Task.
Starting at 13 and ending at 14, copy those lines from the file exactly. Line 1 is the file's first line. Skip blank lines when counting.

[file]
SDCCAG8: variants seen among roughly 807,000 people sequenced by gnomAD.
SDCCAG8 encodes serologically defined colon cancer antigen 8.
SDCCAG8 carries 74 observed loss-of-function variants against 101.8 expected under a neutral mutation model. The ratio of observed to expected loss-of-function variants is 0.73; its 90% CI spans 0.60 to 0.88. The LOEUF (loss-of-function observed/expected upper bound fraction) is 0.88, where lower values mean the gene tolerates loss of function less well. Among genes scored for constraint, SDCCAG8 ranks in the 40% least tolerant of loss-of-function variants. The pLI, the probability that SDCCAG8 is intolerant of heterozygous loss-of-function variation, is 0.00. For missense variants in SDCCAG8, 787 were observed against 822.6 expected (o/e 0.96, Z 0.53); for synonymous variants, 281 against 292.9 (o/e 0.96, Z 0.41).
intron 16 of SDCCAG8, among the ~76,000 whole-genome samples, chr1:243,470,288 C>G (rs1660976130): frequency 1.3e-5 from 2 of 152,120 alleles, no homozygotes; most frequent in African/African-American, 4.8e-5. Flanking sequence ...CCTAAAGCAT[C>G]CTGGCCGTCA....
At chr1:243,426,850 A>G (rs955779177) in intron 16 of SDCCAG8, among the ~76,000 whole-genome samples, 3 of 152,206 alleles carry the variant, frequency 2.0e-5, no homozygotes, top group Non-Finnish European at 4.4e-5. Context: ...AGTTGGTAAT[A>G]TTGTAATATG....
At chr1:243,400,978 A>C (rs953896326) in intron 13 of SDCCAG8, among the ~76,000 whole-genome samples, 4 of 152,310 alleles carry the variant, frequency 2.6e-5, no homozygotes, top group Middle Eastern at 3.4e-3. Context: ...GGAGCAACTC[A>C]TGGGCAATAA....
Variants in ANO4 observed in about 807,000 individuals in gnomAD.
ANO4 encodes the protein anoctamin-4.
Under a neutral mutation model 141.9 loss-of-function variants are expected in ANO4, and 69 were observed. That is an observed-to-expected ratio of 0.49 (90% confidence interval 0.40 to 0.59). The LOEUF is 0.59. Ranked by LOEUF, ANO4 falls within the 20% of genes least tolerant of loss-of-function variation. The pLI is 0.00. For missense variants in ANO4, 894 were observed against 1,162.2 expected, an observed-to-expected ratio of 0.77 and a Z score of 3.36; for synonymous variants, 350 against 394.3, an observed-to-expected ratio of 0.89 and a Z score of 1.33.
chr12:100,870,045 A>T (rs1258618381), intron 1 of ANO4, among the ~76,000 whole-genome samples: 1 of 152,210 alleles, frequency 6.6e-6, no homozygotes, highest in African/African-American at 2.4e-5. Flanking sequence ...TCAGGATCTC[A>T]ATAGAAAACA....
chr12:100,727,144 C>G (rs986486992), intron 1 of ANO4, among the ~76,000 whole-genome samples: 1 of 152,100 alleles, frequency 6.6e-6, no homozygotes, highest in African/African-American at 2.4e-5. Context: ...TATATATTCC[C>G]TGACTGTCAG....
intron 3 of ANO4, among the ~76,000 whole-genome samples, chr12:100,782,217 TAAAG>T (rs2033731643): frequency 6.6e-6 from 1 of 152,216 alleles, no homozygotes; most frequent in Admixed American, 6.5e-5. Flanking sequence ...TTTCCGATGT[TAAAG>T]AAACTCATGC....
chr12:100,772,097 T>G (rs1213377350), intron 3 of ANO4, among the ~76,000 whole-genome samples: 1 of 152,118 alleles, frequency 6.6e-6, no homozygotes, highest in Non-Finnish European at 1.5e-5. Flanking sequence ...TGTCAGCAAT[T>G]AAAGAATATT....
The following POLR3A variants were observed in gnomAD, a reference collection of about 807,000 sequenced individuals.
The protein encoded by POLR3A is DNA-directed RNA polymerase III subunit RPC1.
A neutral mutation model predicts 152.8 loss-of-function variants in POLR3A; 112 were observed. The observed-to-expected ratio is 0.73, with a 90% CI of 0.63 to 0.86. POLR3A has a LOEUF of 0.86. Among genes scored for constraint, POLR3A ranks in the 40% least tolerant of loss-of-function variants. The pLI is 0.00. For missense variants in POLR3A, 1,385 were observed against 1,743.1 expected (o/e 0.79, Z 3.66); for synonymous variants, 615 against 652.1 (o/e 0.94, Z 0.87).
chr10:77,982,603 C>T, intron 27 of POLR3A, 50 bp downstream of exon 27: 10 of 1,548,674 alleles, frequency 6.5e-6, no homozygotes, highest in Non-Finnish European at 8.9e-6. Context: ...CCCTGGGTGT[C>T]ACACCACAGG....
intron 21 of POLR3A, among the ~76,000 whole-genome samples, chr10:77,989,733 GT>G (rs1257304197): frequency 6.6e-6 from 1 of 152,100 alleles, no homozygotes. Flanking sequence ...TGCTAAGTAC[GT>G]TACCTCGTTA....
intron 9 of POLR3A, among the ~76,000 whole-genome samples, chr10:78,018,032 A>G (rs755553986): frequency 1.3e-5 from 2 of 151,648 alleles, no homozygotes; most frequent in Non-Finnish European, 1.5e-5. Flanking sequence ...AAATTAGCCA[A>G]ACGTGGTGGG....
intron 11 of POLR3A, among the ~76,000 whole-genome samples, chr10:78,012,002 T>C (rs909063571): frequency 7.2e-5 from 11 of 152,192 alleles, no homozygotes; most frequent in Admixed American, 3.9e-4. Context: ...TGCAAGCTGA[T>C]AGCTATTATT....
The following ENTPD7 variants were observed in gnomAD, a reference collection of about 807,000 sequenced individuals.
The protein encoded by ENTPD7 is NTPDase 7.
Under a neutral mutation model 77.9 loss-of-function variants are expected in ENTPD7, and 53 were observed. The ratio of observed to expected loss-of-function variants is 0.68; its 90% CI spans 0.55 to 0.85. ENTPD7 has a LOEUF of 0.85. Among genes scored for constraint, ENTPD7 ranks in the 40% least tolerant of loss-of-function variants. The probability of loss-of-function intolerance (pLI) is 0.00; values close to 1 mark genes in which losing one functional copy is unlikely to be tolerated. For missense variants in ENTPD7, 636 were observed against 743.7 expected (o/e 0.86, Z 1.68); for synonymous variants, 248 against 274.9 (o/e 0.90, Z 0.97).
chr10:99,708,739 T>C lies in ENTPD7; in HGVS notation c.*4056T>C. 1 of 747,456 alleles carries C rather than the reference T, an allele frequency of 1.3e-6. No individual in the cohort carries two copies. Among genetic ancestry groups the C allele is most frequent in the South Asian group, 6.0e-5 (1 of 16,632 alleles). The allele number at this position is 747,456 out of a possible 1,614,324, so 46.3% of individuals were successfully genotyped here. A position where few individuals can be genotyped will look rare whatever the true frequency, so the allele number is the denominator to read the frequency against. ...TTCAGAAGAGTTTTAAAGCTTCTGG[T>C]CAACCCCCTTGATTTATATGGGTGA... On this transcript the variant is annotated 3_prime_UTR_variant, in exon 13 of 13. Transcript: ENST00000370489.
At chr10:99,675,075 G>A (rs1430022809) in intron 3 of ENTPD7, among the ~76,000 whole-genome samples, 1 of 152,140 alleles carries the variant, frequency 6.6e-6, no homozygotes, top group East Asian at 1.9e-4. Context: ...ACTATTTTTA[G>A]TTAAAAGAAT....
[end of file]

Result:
chr12:100,772,097 T>G (rs1213377350), intron 3 of ANO4, among the ~76,000 whole-genome samples: 1 of 152,118 alleles, frequency 6.6e-6, no homozygotes, highest in Non-Finnish European at 1.5e-5. Flanking sequence ...TGTCAGCAAT[T>G]AAAGAATATT....
The following POLR3A variants were observed in gnomAD, a reference collection of about 807,000 sequenced individuals.